Source: Human Resources Code Section 42.04305.

I am enrolling in a health-related field in college. Can I be exempt?

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Students enrolled in (non-veterinary) health-related, higher education courses which will involve direct patient contact with potential exposure to blood or bodily fluids can be exempt from the immunization requirements if the student can properly demonstrate proof of serological confirmation (ie titers) of immunity. Serologic confirmations (via a valid laboratory report that indicates confirmation of either immunity or infection) to measles, rubella, mumps, hepatitis A, hepatitis B, or varicella, are acceptable. Varicella can also be confirmed via a written statement from a parent/guardian, school nurse, or physician attesting to the student’s positive history of varicella.

Source: Texas Administrative Code Rule §97.64/65

work in a healthcare facility. Can I be exempt from my employer’s vaccine policies?

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Texas law requires every healthcare facility to develop and implement its own vaccine policy. The policy MUST require employees to receive specific vaccines based on their level of risk (assessed by the amount of exposure to patients) and MUST include procedures for employees to be exempt from the required vaccines for medical reasons. The law further states that employees who are exempt may be required to use protective medical equipment, such as gloves and masks, based on their level of risk (assessed by the amount of exposure to patients). Employees who are medically exempt may not be discriminated or retaliated against. Protective medical equipment, such as gloves and masks, are not considered retaliatory action.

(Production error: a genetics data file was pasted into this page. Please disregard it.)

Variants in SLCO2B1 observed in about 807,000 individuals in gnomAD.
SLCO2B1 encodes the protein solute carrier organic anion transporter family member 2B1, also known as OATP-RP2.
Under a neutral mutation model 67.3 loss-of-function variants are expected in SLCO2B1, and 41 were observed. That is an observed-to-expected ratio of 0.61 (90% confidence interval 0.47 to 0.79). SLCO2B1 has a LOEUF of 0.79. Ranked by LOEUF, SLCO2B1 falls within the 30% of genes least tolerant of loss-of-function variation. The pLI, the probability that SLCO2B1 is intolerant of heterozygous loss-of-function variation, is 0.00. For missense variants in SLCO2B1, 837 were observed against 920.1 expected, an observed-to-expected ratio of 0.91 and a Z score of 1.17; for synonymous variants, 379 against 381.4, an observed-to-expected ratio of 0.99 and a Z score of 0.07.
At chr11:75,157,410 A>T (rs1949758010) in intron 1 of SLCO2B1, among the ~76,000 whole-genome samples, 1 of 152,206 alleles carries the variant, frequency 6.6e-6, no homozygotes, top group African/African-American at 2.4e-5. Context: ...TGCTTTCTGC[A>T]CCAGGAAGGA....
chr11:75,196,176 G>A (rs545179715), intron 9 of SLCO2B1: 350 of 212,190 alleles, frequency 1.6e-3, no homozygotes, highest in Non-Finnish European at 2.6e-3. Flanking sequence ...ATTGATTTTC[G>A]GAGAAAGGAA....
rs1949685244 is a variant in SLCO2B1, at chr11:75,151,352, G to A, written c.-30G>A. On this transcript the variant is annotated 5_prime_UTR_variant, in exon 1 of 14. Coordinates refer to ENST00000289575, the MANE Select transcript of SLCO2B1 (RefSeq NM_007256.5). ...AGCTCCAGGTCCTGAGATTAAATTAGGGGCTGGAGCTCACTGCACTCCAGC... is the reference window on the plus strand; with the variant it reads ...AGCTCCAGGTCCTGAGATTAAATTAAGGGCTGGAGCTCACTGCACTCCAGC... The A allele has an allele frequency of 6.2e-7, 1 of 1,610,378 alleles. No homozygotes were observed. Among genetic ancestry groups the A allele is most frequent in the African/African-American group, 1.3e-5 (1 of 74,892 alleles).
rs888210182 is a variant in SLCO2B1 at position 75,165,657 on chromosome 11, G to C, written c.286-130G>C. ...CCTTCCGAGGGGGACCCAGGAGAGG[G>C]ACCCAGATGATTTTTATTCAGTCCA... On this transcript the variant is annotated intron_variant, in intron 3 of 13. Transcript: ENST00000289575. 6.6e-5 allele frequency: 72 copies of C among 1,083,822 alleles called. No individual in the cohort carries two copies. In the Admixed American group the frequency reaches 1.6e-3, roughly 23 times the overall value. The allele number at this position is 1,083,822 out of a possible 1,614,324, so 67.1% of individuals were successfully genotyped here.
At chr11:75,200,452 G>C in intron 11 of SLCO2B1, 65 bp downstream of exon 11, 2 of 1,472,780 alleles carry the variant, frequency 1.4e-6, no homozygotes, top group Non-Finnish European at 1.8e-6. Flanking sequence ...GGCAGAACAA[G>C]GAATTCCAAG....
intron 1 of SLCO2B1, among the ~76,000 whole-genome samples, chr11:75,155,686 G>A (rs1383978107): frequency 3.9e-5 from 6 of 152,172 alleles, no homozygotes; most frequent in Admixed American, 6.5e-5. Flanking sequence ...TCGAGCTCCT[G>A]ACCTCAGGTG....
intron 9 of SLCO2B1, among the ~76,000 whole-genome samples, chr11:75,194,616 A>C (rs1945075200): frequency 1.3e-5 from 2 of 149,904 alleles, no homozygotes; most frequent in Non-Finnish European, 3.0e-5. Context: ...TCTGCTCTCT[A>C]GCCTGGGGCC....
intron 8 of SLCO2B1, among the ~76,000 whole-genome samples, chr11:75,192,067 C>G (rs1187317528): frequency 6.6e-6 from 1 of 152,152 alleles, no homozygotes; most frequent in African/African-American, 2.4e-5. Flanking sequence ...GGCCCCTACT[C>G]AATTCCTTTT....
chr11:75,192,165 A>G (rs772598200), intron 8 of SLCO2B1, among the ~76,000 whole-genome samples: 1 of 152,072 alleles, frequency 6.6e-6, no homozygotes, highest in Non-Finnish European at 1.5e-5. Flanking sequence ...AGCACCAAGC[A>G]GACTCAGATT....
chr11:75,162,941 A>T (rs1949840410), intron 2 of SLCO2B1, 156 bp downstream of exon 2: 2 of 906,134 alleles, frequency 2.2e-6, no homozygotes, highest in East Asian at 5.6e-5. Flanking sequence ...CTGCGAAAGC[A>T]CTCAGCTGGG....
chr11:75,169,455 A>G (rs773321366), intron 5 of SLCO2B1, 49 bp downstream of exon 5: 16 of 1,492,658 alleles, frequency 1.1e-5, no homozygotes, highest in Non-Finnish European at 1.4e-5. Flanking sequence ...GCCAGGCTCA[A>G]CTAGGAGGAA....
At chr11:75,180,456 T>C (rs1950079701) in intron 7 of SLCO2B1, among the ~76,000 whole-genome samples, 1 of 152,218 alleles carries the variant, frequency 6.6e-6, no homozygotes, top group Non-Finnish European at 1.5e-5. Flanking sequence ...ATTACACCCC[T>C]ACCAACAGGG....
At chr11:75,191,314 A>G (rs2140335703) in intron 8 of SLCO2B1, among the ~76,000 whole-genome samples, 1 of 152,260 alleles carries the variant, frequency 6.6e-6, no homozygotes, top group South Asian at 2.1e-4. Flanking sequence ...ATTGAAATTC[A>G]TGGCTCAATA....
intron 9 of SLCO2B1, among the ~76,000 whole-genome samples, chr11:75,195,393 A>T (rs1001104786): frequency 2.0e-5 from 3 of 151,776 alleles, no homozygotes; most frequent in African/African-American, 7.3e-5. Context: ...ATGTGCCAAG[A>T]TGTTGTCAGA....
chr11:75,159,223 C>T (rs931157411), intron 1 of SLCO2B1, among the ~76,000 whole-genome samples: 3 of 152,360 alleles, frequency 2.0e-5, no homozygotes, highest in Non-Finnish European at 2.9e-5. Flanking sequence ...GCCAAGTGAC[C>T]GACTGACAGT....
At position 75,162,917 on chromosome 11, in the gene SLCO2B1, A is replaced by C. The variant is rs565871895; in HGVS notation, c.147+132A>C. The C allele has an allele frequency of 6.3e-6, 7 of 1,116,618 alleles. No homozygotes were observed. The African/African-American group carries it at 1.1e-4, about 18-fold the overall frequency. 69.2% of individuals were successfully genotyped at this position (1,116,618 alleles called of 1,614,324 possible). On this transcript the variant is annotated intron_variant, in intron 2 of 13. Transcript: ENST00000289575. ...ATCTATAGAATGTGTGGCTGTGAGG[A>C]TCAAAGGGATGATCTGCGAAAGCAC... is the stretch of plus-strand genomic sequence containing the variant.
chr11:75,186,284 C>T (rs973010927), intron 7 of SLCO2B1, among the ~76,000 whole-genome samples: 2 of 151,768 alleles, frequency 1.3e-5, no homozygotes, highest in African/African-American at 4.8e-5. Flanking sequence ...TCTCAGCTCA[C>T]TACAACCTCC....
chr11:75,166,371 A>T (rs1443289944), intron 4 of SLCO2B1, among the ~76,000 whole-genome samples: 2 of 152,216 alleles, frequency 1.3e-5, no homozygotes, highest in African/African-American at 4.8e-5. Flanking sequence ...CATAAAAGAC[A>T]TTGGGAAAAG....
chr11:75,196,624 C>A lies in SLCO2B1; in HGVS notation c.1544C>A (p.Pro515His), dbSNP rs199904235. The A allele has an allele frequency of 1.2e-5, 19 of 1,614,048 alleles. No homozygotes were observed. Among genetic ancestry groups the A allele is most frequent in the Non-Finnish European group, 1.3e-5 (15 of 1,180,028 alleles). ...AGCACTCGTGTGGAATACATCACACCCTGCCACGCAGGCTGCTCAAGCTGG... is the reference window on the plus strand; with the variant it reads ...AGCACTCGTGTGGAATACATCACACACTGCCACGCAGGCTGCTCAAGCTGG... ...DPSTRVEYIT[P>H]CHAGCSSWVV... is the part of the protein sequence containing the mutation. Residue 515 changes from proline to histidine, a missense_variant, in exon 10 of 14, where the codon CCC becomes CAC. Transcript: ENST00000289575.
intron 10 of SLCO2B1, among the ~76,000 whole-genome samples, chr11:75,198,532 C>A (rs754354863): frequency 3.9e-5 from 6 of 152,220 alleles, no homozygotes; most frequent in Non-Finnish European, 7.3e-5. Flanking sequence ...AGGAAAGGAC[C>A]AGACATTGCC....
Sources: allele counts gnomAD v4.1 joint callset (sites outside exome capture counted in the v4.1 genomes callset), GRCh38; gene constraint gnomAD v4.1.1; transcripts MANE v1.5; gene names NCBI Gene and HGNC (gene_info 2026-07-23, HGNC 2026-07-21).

The law further states that healthcare facility vaccine policies MAY include procedures for employees to be exempt from the required vaccines based on reasons of conscience, including a religious belief.

If you are a healthcare worker who desires to forgo some or all vaccines a potential employer is requiring, you are strongly advised to review all employment conditions prior to signing any employment agreement, as medical exemptions can be difficult to obtain and religious exemption options may or may not be available. 

If your workplace is attempting to require Covid-19 vaccines while they are still under the Emergency Use Authorization, you are advised to gather documentation of their policy and contact Rep. Stephanie Klick’s capitol office at (512) 463-0599.

Source: Texas Administrative Code Rule 1.702


I do not work in a healthcare facility but am being told that I must get the Covid-19 vaccine in order to continue my employment. Can I be exempt from this policy?

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Some federal protections exist that employees can explore. First, the Americans with Disabilities Act might protect employees with medical conditions that preclude them from receiving a vaccine. Under the ADA, employers may be required to engage in a good-faith effort to determine if an employee seeking a medical exemption has a qualifying disability and can alternatively be protected from infection. Under the ADA, an employer may refuse to provide a reasonable accommodation to a mandatory vaccination program if it can establish undue hardship.